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A New Theory of Planet Formation

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posted on Nov, 13 2004 @ 08:05 PM
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Rochester NY (SPX) Nov 12, 2004
In June, researchers from the University of Rochester announced they had located a potential planet around another star so young that it defied theorists' explanations. Now a new team of Rochester planet-formation specialists are backing up the original conclusions, saying they've confirmed that the hole formed in the star's dusty disk could very well have been formed by a new planet.


These researchers are in search of a new theory of planet formation to account for some exciting anomalous observations. It seems planets around new stars are forming too, erm, rapidly. Without throwing out the acretion theory, I'd like to show you an interesting photo of a supernova remnant (one of the factories that spew the stuff new stars are made from). Notice the large comet-like 'droplets' that have been 'blown out' of the exploding star's core.

These droplets are the size of planets.

I believe there are indeed protoplanetary nuclei that are expelled from supernovae and hypernovae. They travel through the cosmos until captured by the gravity well of another star- ready made!

Theories?




posted on Nov, 13 2004 @ 08:28 PM
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ive heard a theory on how this is possible before. i cant rember where i heard it but i remember it.
it says that the star was suppsoed to be a binary sisytem ( 2 stars orbitiong each other) but the first activated into a star early and the second never activated and remained a large jupiter esk planet

it mades sense ill try to find where i read it



posted on Nov, 14 2004 @ 01:14 PM
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I think you have an interesting theory there. A higher mass star could possibly pull more objects closer to it, say from the Oort Coud. These could then condense into planets, which when the star goes nova get expelled... I would think though that the heat and pressure from the explosion would rip the planet to shreads though.



posted on Nov, 14 2004 @ 01:54 PM
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Cmdrkeenkid, I think you have identified yet another mechanism of planet formation, well done. I think what we are witnessing here is that there may be many paths to planet formation, not merely one path that can be called 'the accepted theory'. I think 'the accepted theory' is the biggest intellectual cop-out ever, excusing one from the neccesity to investigate, confirm and to think. Uncertainty is opportunity in science.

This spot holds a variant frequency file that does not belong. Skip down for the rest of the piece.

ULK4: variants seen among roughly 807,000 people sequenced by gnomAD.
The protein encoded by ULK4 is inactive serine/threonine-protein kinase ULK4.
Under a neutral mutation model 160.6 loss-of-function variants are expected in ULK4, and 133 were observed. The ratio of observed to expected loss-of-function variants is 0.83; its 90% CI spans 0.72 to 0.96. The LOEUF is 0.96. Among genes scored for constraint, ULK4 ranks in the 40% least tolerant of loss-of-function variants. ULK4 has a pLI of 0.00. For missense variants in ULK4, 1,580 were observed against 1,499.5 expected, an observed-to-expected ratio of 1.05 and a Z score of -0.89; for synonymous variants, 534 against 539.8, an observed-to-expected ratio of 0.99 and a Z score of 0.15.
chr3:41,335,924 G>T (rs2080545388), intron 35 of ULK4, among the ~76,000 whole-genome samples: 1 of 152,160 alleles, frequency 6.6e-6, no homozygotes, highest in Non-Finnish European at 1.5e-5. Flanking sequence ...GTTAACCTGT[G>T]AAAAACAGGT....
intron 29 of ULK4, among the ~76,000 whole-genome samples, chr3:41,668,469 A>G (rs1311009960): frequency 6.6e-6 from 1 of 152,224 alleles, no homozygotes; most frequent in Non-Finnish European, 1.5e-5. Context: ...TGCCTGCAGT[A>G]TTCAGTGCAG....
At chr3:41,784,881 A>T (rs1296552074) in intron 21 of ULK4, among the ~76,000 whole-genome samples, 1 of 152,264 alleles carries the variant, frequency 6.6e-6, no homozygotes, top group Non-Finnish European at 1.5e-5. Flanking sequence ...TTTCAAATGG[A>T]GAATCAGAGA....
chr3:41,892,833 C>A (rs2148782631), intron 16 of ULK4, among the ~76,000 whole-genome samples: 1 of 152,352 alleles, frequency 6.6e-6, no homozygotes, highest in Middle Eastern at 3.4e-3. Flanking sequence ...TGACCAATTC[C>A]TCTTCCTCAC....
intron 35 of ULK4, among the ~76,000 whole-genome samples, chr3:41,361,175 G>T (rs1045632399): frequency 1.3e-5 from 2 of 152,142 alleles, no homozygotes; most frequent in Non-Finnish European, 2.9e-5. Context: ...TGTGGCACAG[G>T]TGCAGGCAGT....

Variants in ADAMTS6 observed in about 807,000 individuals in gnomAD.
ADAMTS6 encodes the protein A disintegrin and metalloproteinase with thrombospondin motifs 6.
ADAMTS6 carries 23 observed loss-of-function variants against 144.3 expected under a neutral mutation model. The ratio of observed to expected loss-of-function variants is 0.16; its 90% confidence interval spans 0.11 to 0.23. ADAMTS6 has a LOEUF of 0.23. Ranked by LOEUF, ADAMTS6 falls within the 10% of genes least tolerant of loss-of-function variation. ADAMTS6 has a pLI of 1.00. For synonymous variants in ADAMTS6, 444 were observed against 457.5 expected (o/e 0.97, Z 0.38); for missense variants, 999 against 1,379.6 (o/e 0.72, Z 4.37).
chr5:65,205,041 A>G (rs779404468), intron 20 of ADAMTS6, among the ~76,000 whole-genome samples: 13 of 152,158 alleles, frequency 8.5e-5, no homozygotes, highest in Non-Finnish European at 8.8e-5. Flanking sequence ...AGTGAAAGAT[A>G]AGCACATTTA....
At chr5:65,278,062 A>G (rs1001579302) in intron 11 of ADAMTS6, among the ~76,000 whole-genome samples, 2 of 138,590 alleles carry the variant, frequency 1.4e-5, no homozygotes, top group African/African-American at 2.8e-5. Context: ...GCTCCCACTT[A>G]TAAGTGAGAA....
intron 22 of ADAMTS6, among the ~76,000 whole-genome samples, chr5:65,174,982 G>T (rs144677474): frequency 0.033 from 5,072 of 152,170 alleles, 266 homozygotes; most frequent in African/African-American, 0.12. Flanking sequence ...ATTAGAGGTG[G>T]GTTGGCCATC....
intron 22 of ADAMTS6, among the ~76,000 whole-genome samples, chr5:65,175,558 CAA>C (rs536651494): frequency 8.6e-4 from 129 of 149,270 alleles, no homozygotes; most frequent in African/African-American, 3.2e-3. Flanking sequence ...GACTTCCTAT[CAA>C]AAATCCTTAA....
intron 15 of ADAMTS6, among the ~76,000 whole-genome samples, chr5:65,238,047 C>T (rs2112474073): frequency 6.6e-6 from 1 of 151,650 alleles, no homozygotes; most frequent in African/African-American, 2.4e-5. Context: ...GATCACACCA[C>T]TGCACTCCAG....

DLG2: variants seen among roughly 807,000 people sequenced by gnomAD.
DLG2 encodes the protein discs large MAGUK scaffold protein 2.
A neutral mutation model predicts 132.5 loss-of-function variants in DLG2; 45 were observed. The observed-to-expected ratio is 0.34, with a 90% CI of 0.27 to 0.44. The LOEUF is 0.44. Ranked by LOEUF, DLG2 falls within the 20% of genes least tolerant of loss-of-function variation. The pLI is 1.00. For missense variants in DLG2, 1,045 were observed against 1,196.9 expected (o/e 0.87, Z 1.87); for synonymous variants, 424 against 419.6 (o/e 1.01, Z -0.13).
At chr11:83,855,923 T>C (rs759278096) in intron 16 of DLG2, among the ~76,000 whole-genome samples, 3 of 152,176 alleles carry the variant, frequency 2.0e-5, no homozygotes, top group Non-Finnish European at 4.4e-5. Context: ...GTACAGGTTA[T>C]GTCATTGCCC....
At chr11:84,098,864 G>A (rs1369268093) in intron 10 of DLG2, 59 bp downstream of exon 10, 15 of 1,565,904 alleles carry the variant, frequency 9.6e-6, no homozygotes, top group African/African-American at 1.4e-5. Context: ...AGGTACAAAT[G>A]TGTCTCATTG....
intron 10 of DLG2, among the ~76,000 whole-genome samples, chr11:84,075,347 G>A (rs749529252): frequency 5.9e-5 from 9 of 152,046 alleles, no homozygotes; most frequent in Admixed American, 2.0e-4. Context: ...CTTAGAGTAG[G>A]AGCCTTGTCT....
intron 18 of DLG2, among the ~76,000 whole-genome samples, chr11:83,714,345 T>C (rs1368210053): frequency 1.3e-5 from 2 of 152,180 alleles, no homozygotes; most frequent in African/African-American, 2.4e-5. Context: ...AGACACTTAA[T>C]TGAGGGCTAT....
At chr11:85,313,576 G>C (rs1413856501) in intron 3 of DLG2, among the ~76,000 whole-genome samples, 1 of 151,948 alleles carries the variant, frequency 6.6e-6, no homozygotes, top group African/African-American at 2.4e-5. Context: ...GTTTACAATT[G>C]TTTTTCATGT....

Mizar, great point. The solar wind must have blown a lot of the atmosphere off of that planet. Imagine the solar wind from a supernova! Regardless of the actual means of formation of Earth in particular, it has suffered unimaginable ages of incredible emptiness punctuated by processes of unbelievable violence. We are made of strong stuff. Fascinating.

[edit on 14-11-2004 by Chakotay]



posted on Nov, 14 2004 @ 01:54 PM
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I have a theory on planet formation and I've got some of it down on paper. Will publish it one day


I'm a bit excited though 'cause:

"Notice the large comet-like 'droplets' that have been 'blown out' of the exploding star's core.

These droplets are the size of planets."

Could fit in with my theory


part of my theory is that planets are formed from a "unique" composition to start off with...maybe these "droplets" are composed of that "unique" composition



posted on Nov, 14 2004 @ 02:12 PM
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Well done, astoreth! I became curious years ago when examining a cross-sectional drawing of a supernova core at the moment of explosion. It triggered a memory of a similar cross-sectional drawing of the Earth's interior. All the elements, arranged in shells. It was as if the Earth were a tiny supernova core. Then I reasoned: the hydrodynamics of a supernova core explosion would produce adiabatic mixing and coalesecence on the order of miliseconds, seconds, minutes, hours and days- forming droplets from dust grains to cores the size of Jupiter and larger- which would continue to coalesce at a slower rate for millions- billions- of years- according to the accretion and impact theories.

This formed-in-a-droplet hypothesis has consequences for radionucleides in the deep Earth.

The hottest science is on the net, and thanks to ATS you three are three of the hottest. Very well done, my friends.

[edit on 14-11-2004 by Chakotay]




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